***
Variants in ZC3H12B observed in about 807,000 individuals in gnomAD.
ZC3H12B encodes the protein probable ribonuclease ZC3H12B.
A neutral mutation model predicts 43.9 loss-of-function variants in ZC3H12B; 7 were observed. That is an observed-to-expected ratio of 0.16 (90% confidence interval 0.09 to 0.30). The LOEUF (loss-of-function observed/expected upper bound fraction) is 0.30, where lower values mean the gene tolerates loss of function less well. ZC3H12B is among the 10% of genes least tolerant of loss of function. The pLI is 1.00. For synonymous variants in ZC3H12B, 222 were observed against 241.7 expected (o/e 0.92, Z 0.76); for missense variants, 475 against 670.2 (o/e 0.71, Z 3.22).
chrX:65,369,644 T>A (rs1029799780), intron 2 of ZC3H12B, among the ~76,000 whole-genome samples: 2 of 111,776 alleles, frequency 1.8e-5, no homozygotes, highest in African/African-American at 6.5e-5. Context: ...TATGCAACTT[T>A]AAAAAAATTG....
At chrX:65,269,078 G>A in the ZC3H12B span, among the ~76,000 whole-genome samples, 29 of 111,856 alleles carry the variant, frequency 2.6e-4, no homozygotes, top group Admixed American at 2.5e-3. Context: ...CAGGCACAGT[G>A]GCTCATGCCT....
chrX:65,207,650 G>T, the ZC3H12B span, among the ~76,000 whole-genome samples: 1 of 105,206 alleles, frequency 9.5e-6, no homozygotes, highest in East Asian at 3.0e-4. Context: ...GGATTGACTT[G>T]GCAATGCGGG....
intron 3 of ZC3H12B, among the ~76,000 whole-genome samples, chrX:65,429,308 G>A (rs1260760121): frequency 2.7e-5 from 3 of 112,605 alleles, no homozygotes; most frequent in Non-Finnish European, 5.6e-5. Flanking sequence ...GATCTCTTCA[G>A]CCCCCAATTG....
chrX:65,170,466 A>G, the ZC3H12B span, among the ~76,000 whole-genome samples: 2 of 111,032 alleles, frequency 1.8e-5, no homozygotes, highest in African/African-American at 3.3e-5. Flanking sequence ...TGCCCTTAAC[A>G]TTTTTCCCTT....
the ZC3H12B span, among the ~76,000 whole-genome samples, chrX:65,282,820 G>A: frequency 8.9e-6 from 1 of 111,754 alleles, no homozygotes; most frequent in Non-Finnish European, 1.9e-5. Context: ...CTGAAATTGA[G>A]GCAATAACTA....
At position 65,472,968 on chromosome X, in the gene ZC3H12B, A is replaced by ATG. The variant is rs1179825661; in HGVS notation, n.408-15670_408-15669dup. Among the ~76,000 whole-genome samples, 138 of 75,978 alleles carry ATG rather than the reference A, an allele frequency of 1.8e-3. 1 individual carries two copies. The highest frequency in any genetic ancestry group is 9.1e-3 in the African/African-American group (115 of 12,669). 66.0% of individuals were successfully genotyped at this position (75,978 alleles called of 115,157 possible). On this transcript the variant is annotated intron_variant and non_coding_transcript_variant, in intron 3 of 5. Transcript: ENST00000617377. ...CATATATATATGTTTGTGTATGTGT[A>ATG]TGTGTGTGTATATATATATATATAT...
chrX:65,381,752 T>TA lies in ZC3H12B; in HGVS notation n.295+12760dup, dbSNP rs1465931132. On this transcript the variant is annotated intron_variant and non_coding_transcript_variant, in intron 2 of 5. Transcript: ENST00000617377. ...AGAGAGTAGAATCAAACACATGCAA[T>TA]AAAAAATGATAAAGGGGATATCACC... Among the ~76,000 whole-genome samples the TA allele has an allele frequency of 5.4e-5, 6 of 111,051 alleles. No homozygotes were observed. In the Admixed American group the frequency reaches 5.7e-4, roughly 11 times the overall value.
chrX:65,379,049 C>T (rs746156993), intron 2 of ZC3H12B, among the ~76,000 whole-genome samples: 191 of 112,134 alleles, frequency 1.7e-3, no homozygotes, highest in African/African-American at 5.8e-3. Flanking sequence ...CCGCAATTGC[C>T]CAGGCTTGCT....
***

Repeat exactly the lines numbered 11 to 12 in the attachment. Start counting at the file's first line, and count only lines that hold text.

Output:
chrX:65,381,752 T>TA lies in ZC3H12B; in HGVS notation n.295+12760dup, dbSNP rs1465931132. On this transcript the variant is annotated intron_variant and non_coding_transcript_variant, in intron 2 of 5. Transcript: ENST00000617377. ...AGAGAGTAGAATCAAACACATGCAA[T>TA]AAAAAATGATAAAGGGGATATCACC... Among the ~76,000 whole-genome samples the TA allele has an allele frequency of 5.4e-5, 6 of 111,051 alleles. No homozygotes were observed. In the Admixed American group the frequency reaches 5.7e-4, roughly 11 times the overall value.
chrX:65,379,049 C>T (rs746156993), intron 2 of ZC3H12B, among the ~76,000 whole-genome samples: 191 of 112,134 alleles, frequency 1.7e-3, no homozygotes, highest in African/African-American at 5.8e-3. Flanking sequence ...CCGCAATTGC[C>T]CAGGCTTGCT....